Microsoft has cleared nearly every major hurdle on its way to the biggest acquisition in gaming history, but the future remains unclear for gamers.
tech giants are The long-running bid to buy Activision Blizzard is nearing its endthe hit video game developer, for $69bn (£52.9bn).
But after 19 months of bitter wrangling with regulators, the government and rivals since first announcing plans to buy the developer, Microsoft It will now have to pause and wait for the UK’s competition watchdog to review its revised offer.
Earlier this week, the London court formally suspended the trial Microsoft’s appeal Opposed to moves by the Competition and Markets Authority (CMA) to block its planned takeover, after the CMA announced it would consider amending the deal, both sides requested a two-month extension.
A full hearing on Microsoft’s appeal, originally scheduled to begin at the end of the month, has been postponed.
After repeated attempts by top U.S. antitrust regulators to block the deal failed, already approved in the EU and China – Obtaining UK approval is the biggest remaining milestone.
However, the company’s assurances to global competitors, gamers and regulators are limited.
The tension surrounding the deal comes down to whether a successful merger would give Microsoft too much power and ultimately limit gamers’ choice.
Regulators worry Activision Blizzard-developed hit could become Microsoft exclusive xboxmeaning that the player using game console, nintendo or other consoles can no longer access them.
This isn’t the first time the company has enhanced its Xbox offering by acquiring a game maker.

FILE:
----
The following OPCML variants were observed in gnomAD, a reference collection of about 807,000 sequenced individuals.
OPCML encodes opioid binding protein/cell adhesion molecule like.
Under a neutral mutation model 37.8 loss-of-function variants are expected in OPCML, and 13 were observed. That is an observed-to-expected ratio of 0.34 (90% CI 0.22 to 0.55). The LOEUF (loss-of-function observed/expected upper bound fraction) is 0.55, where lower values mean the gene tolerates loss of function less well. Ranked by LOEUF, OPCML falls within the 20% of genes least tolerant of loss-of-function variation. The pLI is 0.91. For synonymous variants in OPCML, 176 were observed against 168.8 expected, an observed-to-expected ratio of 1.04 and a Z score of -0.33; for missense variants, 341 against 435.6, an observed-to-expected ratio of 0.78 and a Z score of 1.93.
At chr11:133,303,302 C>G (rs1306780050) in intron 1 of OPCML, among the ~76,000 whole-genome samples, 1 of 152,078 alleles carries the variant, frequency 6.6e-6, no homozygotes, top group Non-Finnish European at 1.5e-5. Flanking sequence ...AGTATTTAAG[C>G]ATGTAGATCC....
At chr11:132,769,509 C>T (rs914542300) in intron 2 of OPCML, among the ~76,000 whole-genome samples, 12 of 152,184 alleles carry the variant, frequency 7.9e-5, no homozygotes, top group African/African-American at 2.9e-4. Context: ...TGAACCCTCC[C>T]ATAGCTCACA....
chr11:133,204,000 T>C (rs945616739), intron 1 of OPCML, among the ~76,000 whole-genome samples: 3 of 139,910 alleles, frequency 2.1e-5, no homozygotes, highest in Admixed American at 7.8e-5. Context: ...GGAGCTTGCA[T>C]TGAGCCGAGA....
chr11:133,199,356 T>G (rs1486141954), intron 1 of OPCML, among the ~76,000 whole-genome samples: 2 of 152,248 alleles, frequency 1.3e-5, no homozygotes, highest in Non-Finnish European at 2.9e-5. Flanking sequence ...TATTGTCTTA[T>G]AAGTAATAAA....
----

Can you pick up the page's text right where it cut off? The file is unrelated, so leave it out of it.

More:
After Microsoft spent $7.5bn (£5.7bn) in 2020 to acquire the makers of hit games Fallout and Skyrim, executives promised that some future games from Bethesda Studios would be exclusive to the Xbox and PC users.
Among the lucrative titles Microsoft will own are Call of Duty, World of Warcraft and Candy Crush. “Modern Warfare II” is the latest work in the “Call of Duty” series, Grossed $1bn (£767,000) in its opening weekend alone.
However, Microsoft insists it doesn’t want to limit choice, and has signed deals with Sony and Nintendo guaranteeing that Call of Duty — Activision’s most valuable asset — will be available on their consoles if the merger goes ahead.
Despite the Call of Duty deal, it’s unclear what will happen to the many other popular titles developed by Activision Blizzard, or whether full access to the series will be renewed after the agreed period.
It’s been 10 years for Nintendo.
The CMA, which initially blocked the takeover, said last week, Ready to Renegotiate with Microsoft This comes after the company agreed to discontinue legal action related to its planned merger with Activision Blizzard.
The U.K. regulator said it would take six weeks to “fully and properly consider” Microsoft’s submission before making a decision by Aug. 29.
The deal also faces opposition from a group of individual plaintiffs who earlier this week asked the U.S. Supreme Court to temporarily halt the deal.